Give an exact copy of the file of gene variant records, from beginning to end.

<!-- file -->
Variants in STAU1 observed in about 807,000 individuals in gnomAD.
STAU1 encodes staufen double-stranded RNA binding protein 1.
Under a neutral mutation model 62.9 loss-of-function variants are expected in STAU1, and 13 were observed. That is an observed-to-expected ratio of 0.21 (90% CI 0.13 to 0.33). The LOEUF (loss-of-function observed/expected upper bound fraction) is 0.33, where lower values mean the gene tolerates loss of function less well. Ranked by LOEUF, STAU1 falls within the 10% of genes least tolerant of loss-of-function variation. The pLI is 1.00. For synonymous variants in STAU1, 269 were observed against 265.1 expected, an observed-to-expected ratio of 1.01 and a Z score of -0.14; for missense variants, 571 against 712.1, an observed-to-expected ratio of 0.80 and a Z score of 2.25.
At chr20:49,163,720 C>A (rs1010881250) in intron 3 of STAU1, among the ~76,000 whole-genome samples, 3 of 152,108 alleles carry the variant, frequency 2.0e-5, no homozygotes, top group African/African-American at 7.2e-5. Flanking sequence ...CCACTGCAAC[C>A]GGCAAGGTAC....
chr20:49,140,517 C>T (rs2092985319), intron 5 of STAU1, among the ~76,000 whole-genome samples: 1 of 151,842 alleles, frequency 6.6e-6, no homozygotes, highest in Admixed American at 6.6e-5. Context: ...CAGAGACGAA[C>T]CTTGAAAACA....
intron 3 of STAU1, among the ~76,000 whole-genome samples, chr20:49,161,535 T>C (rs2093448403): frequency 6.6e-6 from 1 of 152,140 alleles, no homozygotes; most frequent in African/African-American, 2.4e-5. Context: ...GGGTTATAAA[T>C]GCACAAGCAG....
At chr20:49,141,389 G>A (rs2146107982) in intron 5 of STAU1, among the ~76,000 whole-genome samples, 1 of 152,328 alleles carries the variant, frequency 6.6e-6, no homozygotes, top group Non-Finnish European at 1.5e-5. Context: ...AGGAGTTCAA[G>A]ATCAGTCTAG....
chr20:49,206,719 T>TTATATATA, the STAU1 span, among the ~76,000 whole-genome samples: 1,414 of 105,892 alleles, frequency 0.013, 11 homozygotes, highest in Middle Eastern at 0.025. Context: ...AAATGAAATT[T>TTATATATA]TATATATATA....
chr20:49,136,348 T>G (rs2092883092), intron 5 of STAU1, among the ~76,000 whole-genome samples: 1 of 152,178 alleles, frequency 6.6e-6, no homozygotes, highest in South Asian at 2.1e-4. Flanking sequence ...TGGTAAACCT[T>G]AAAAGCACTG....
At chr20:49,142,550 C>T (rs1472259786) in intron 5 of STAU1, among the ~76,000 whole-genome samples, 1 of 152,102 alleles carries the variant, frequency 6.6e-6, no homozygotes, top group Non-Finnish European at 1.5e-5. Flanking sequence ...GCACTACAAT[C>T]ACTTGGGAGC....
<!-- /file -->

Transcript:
Variants in STAU1 observed in about 807,000 individuals in gnomAD.
STAU1 encodes staufen double-stranded RNA binding protein 1.
Under a neutral mutation model 62.9 loss-of-function variants are expected in STAU1, and 13 were observed. That is an observed-to-expected ratio of 0.21 (90% CI 0.13 to 0.33). The LOEUF (loss-of-function observed/expected upper bound fraction) is 0.33, where lower values mean the gene tolerates loss of function less well. Ranked by LOEUF, STAU1 falls within the 10% of genes least tolerant of loss-of-function variation. The pLI is 1.00. For synonymous variants in STAU1, 269 were observed against 265.1 expected, an observed-to-expected ratio of 1.01 and a Z score of -0.14; for missense variants, 571 against 712.1, an observed-to-expected ratio of 0.80 and a Z score of 2.25.
At chr20:49,163,720 C>A (rs1010881250) in intron 3 of STAU1, among the ~76,000 whole-genome samples, 3 of 152,108 alleles carry the variant, frequency 2.0e-5, no homozygotes, top group African/African-American at 7.2e-5. Flanking sequence ...CCACTGCAAC[C>A]GGCAAGGTAC....
chr20:49,140,517 C>T (rs2092985319), intron 5 of STAU1, among the ~76,000 whole-genome samples: 1 of 151,842 alleles, frequency 6.6e-6, no homozygotes, highest in Admixed American at 6.6e-5. Context: ...CAGAGACGAA[C>T]CTTGAAAACA....
intron 3 of STAU1, among the ~76,000 whole-genome samples, chr20:49,161,535 T>C (rs2093448403): frequency 6.6e-6 from 1 of 152,140 alleles, no homozygotes; most frequent in African/African-American, 2.4e-5. Context: ...GGGTTATAAA[T>C]GCACAAGCAG....
At chr20:49,141,389 G>A (rs2146107982) in intron 5 of STAU1, among the ~76,000 whole-genome samples, 1 of 152,328 alleles carries the variant, frequency 6.6e-6, no homozygotes, top group Non-Finnish European at 1.5e-5. Context: ...AGGAGTTCAA[G>A]ATCAGTCTAG....
chr20:49,206,719 T>TTATATATA, the STAU1 span, among the ~76,000 whole-genome samples: 1,414 of 105,892 alleles, frequency 0.013, 11 homozygotes, highest in Middle Eastern at 0.025. Context: ...AAATGAAATT[T>TTATATATA]TATATATATA....
chr20:49,136,348 T>G (rs2092883092), intron 5 of STAU1, among the ~76,000 whole-genome samples: 1 of 152,178 alleles, frequency 6.6e-6, no homozygotes, highest in South Asian at 2.1e-4. Flanking sequence ...TGGTAAACCT[T>G]AAAAGCACTG....
At chr20:49,142,550 C>T (rs1472259786) in intron 5 of STAU1, among the ~76,000 whole-genome samples, 1 of 152,102 alleles carries the variant, frequency 6.6e-6, no homozygotes, top group Non-Finnish European at 1.5e-5. Flanking sequence ...GCACTACAAT[C>T]ACTTGGGAGC....